Watch your step!
EOD cleans up in Kuwait
by Sgt. James Hale
28th Public Affairs Detachment
CAMP VIRGINIA, Kuwait -- When most people think of explosive ordnance disposal (EOD), they think of police bomb squads
deciding which wire to cut, or Soldiers in bomb suits clearing improvised explosive devices (IED). But Army EOD teams have
many responsibilities that most people never hear about.
The 753rd Ordnance Company from the West Virginia Army National Guard conducted an EOD range in the desert near Camp Virginia on April 3 to dispose of 27.5 tons of unserviceable military munitions. They dispose of these munitions by stacking them in a particular sequence then wiring them with C-4 and blowing them up, which is much cheaper than sending them away to be demilitarized.
These munitions are deemed unserviceable when they are damaged, expired or they are no longer compatible. This can be simply because the equipment that fired them has been replaced or the munitions themselves have been improved upon.
“There is no safe way of handling these explosives,” said Cpt. Keith A. Toohey, commander of the 753rd. “Our procedures are the least dangerous way we know that are learned through the experience of the EOD specialists who came before us.”
Each of the five detonation areas had about 15 U.S. and Kuwaiti soldiers working to unload the munitions and two EOD specialists stacking them in pits that were around five feet deep, 10 feet wide and 25 feet long. The EOD specialists build the stacks by putting the smaller less explosive rounds on the bottom and working their way to the top where the most highly explosive rounds and C-4 were placed.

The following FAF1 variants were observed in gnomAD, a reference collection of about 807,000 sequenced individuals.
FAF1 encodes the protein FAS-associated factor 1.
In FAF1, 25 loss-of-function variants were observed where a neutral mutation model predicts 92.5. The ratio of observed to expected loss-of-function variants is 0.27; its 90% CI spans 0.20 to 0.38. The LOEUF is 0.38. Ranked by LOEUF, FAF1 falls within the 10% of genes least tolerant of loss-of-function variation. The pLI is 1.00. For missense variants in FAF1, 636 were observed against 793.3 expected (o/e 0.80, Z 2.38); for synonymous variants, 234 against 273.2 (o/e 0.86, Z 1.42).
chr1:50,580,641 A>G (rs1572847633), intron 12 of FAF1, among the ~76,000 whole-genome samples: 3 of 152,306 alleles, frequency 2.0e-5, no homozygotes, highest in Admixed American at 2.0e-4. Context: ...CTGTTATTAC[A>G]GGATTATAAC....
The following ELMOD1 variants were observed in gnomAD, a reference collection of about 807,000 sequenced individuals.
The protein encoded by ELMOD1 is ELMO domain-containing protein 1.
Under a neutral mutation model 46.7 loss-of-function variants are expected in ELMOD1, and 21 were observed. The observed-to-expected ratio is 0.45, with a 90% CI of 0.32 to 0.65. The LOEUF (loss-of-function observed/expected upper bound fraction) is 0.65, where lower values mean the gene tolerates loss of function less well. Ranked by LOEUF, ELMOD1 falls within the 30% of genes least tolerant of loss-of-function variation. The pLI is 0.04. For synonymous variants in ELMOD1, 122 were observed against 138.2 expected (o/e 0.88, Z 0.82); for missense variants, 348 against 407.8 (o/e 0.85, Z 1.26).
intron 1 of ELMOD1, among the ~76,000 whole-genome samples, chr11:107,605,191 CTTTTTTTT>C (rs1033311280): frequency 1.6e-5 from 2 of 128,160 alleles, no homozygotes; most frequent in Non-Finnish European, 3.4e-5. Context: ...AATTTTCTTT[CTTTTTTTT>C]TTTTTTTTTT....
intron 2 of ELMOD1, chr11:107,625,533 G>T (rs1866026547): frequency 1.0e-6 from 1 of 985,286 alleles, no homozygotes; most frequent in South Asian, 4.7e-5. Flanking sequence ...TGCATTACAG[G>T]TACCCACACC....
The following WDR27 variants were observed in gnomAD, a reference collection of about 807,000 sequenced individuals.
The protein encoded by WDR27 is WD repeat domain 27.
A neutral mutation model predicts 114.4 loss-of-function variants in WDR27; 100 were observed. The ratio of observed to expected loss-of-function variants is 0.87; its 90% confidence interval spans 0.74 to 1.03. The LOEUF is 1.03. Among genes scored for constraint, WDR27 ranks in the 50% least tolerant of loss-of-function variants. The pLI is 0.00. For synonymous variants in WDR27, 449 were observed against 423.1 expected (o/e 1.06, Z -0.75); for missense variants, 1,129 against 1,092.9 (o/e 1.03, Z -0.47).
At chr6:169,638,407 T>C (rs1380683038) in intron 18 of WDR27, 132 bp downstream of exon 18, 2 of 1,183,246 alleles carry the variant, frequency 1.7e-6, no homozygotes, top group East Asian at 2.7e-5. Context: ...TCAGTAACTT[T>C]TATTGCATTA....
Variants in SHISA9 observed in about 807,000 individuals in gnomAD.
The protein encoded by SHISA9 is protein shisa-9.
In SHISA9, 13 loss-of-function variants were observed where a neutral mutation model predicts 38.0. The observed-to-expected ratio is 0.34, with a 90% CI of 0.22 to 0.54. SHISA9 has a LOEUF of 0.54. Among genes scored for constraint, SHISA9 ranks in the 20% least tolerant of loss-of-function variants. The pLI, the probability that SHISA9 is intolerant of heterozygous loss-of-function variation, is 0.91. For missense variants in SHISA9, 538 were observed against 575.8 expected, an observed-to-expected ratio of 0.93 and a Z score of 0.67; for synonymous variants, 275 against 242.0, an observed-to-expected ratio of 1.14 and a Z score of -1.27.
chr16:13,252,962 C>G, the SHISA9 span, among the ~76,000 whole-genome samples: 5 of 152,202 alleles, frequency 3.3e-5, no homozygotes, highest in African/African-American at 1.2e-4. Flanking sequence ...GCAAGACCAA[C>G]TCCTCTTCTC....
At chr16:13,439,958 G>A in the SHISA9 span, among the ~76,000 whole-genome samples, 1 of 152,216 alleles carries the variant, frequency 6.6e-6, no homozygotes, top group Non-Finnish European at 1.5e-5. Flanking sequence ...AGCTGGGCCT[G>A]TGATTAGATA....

“By putting the most explosive rounds on top, we direct the pressure of the detonation down onto the less explosive rounds to ensure everything detonates and no unexploded ordnance gets thrown away from the pit,” said Staff Sgt. Robert Lott, an EOD specialist with the 753rd.
After all non-EOD personnel moved to the safe area, about a kilometer away, the stacks were wired with the C-4, detonation cord, blasting caps and radio transmitters. They use this procedure because until these last items are applied the munitions are relatively safe to handle.
“There’s a reason for everything (EOD specialists) do with the setup of the C-4,” said Toohey. “The placement of each block causes a specific reaction with the stack. Total there is about $1,500 worth of C-4 applied to the stack which is only a fraction of what it would cost to send the rounds to be demilitarized.”
Back at the safe area, everyone waits in anticipation for the EOD specialists to finish the final steps so they can watch all that hard work go up in flames, which is a good thing in this instance. Then, after everyone is accounted for, five massive explosions that can be seen, heard and felt are set off one after the other with about a 10 second delay between them.
The power of the explosions can really be seen when the EOD specialists return to the pits to retrieve the radio receivers and ensure all the explosives were detonated. In the pits, where the stacks used to be, there appears to be piles of busted concrete from the sand being put through extreme heat and pressure.
“Our job is to safely remove ordnance from the battlefield,” said Toohey. “Today was an example of one of the many ways we do that.”